Thinking Out Loud

November 2, 2017

Same Kind of Different as Me: An Illustration of the Hands and Feet of Christ

Filed under: Christianity, Faith, marriage — Tags: , , , , , , , — paulthinkingoutloud @ 6:50 am

Based on the book of the same name which is based on a true story, Same Kind of Different as Me is the unlikely story of the intersection of two worlds between an international dealer in expensive fine art and a homeless man who spent much of his life working overtime as a slave. Ron Hall is living the good life that involves interacting with high society when his wife Deborah drags him to reluctantly serve at the Union Gospel Mission. The 2007 book from Thomas Nelson later gave way to a small group curriculum as it raises many issues.

I had only minimal familiarity with the book — I knew it had sold well in some areas, which can be hard for a biographical work even if it reads better than some fiction — when invited to see the movie which, as you read this, is at the end of its second week in North America.

My wife and I were quite impressed. She even paid it the ultimate compliment (for her) by saying something as we left the theater, “It wasn’t a Christian movie;” by which she meant there wasn’t an overt gospel message leading toward key characters getting saved at the end. Indeed, this is actually the ideal Christian movie, where things are shown instead of told, and where Christian values are being lived out, rather than simply taught. Truly this is the Christian film you view with that unchurched neighbor, coworker or relative.

But it takes more than just a great screenplay to make a great picture. The additional points would go for some very plausible casting — I felt like I already know Ron and Deborah — and some rather breathtaking scenery, not to mention the visual image of the place in the woods where the homeless of that community spend the night.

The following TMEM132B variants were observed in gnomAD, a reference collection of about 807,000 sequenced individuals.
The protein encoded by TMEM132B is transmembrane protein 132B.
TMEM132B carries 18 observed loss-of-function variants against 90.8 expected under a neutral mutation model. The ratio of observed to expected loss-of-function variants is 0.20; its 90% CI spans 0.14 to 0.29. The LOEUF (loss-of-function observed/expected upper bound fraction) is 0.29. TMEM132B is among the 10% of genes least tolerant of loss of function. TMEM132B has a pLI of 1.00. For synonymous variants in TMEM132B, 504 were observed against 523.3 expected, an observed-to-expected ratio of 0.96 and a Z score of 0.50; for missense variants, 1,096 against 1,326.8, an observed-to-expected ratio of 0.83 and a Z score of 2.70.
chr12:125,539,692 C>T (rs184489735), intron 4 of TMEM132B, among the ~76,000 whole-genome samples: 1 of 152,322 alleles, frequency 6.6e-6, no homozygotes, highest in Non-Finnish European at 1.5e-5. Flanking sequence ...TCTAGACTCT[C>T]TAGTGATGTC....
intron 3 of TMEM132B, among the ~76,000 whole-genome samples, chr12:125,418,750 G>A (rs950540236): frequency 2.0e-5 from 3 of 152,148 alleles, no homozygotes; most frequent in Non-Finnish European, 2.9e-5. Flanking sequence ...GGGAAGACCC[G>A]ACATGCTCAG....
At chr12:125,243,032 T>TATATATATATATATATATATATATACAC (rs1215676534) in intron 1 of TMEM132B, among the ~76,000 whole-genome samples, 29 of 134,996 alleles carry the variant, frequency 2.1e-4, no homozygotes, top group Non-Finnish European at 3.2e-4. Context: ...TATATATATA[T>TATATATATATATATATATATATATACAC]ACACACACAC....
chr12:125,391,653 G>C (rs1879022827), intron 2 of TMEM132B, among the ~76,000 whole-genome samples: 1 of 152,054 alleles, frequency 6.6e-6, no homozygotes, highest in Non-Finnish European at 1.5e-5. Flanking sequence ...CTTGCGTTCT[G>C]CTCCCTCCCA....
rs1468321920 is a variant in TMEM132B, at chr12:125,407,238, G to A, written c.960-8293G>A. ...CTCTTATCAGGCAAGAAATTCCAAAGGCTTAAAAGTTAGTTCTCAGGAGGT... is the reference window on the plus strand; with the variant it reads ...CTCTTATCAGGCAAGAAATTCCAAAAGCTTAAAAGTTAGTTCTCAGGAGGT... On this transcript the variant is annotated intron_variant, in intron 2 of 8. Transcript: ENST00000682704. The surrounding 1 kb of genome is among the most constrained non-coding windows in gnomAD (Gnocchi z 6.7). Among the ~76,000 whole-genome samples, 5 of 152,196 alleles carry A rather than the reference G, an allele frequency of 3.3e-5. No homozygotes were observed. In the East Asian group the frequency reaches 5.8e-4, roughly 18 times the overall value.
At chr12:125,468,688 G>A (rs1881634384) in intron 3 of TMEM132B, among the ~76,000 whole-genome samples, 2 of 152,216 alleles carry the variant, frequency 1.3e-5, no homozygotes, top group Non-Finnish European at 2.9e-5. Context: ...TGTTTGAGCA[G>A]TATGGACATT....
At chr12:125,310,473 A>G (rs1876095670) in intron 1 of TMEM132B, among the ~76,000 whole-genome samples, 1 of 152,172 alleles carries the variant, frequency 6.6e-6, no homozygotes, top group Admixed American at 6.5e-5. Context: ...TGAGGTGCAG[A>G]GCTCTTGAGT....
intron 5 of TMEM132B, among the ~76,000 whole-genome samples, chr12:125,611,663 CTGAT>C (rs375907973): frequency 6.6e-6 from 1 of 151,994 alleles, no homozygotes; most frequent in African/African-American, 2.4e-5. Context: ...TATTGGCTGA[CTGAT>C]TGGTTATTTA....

The movie raises the possibility of much discussion about the type of activity which truly helps the homeless and gives them dignity and how, at the end of the day, we’re not all that different.


Thanks to Tim at Graf-Martin Communications, Inc. for the tix.

 

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May 13, 2017

Weekend Link List

Every once in awhile I have to work a weekend shift, but at least it’s not as busy.

Welcome to the Weekend: A bonus feature for the faithful committed readers who don’t just turn up on Wednesdays. Drew Dyck didn’t say where he found this baby baptism pic, but the comments (click to read) were as much fun as the photo.


And now, to complete our weekly public service requirement, we bring you The Cycle of Fear:

March 30, 2017

Case for Christ Movie is a Must-See on Two Different Levels

You really do need to see this film.